“What a wonderful world,” sang Louis Armstrong. But how can we make sure that as many people as possible follow in the footsteps of Florence Nightingale and Mahatma Gandhi, spreading empathy and fairness wherever they go?
One way that is getting more and more attention in the Journal of Medical Ethics (especially) is moral bioenhancement, the subject of an essay by David DeGrazia, of George Washington University. This is chemical, genetic or neurological intervention to promote morally admirable qualities. Some potentially effective techniques include drugs to induce cooperation, selecting embryos which have genes for cooperation rather than for discord, or “an artificial chromosome that includes multiple genes coding for stronger predispositions to a variety of moral virtues”.
DeGrazia argues, like some other philosophers and bioethicists, that conventional ways of inducing moral behaviour, such as moral instruction, mentoring or reading wholesome literature are only “modestly effective”. “Growth in [destructive] technology is extremely fast while positive change in our psychology is slow.”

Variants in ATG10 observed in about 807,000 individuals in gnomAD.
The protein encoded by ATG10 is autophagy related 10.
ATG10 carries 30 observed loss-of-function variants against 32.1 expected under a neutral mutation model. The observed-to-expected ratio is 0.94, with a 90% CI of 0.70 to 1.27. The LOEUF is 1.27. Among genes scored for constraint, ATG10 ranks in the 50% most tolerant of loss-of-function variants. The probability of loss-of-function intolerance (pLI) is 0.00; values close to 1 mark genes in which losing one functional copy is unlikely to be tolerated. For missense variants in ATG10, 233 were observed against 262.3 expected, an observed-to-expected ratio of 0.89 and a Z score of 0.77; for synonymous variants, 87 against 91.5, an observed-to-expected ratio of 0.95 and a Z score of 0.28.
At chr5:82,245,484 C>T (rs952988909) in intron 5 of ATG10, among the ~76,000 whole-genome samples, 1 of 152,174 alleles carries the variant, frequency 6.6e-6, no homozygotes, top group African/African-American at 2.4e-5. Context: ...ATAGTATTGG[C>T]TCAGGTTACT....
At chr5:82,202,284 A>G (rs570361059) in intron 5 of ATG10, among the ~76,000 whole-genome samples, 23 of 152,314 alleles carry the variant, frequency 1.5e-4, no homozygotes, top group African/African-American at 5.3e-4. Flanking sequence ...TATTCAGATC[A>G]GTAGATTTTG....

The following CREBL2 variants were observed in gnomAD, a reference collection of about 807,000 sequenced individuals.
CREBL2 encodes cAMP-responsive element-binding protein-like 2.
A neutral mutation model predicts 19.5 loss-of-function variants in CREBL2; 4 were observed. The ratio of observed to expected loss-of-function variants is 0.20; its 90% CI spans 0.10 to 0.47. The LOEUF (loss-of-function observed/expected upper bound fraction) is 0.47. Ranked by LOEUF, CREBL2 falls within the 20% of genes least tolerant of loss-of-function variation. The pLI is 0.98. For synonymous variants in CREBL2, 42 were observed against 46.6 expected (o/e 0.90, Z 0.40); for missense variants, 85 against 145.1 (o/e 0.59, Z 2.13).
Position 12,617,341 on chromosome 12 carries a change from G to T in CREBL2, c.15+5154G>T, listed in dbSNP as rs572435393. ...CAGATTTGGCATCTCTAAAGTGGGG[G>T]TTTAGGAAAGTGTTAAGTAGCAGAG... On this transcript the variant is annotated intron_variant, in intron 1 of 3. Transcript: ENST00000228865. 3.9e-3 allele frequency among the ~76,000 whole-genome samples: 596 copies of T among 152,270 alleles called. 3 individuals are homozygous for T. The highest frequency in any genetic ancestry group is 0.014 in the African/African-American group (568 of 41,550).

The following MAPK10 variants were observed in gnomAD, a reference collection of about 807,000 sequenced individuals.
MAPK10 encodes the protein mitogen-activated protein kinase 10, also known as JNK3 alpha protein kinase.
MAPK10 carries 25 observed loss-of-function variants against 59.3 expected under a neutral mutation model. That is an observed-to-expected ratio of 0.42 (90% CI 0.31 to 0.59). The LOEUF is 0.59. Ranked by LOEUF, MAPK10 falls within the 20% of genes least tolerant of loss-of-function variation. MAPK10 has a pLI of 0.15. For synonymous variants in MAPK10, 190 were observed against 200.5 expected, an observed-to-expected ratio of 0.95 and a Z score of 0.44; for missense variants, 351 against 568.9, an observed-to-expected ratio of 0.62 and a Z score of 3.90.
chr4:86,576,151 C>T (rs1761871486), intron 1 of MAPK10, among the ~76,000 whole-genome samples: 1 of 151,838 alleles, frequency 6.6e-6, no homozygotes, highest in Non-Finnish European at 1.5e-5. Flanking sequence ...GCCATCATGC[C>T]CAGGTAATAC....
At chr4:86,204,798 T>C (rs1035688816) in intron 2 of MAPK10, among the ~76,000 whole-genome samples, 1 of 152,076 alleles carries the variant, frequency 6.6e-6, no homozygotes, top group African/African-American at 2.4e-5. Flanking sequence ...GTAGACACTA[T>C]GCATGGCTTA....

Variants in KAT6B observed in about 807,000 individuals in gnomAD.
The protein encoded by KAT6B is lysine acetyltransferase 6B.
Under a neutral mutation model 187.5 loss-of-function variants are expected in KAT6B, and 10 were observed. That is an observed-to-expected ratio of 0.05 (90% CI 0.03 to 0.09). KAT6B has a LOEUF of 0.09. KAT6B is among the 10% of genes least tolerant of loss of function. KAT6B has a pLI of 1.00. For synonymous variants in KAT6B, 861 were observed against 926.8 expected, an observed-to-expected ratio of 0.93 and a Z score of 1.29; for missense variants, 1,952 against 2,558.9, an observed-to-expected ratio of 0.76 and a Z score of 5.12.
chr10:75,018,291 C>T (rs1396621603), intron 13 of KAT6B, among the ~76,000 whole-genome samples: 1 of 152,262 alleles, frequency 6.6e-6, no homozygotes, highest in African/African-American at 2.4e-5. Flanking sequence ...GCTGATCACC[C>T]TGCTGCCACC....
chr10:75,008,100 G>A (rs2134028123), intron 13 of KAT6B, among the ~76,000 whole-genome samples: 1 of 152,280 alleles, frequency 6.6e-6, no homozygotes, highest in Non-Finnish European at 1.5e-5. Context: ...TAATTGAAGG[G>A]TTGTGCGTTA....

An obvious objection is: whose morality? Ayn Rand, for instance, did not regard altruism as a morally desirable virtue. So he sticks to “points of overlapping consensus among competing, reasonable moral perspectives”. Thus, morally enhancers would ensure that children are not sadistic, xenophobic, weak willed, susceptible to temptation, unable to resist violent impulses, and so on. All reasonable people presumably agree that these are defects.
Another, more serious objection, is that moral bioenhancement would lessen our freedom. British bioethicist John Harris, even though he has fairly radical views on other topics, rejects it for that reason. “I, like so many others, would not wish to sacrifice freedom for survival,” he writes. De Grazia does not believe that moral bioenhancement diminishes our freedom. However, he is prepared to take the chance.
“Imagine that … in comparison with the average degree of freedom with which we act, MB reduced our freedom by 25%. Imagine further that, as a result of MB, there were no more wars or starvation and everyone in the world had access to the basic necessities of life. I, for one, would accept this reduction in freedom across the board if it were necessary for such great improvement in people’s moral behaviour and such welcome consequences.”
It seems that De Grazia values moral behaviour more than moral freedom and that a safe, orderly, non-violent world would be worth the sacrifice. “We should not exaggerate the value of freedom. After all, moral behaviour itself, the end product, is also extremely important–independently of how free it is.”
De Grazia’s proposal has sparked a number of responses in the JME.
This article courtesy of BioEdge.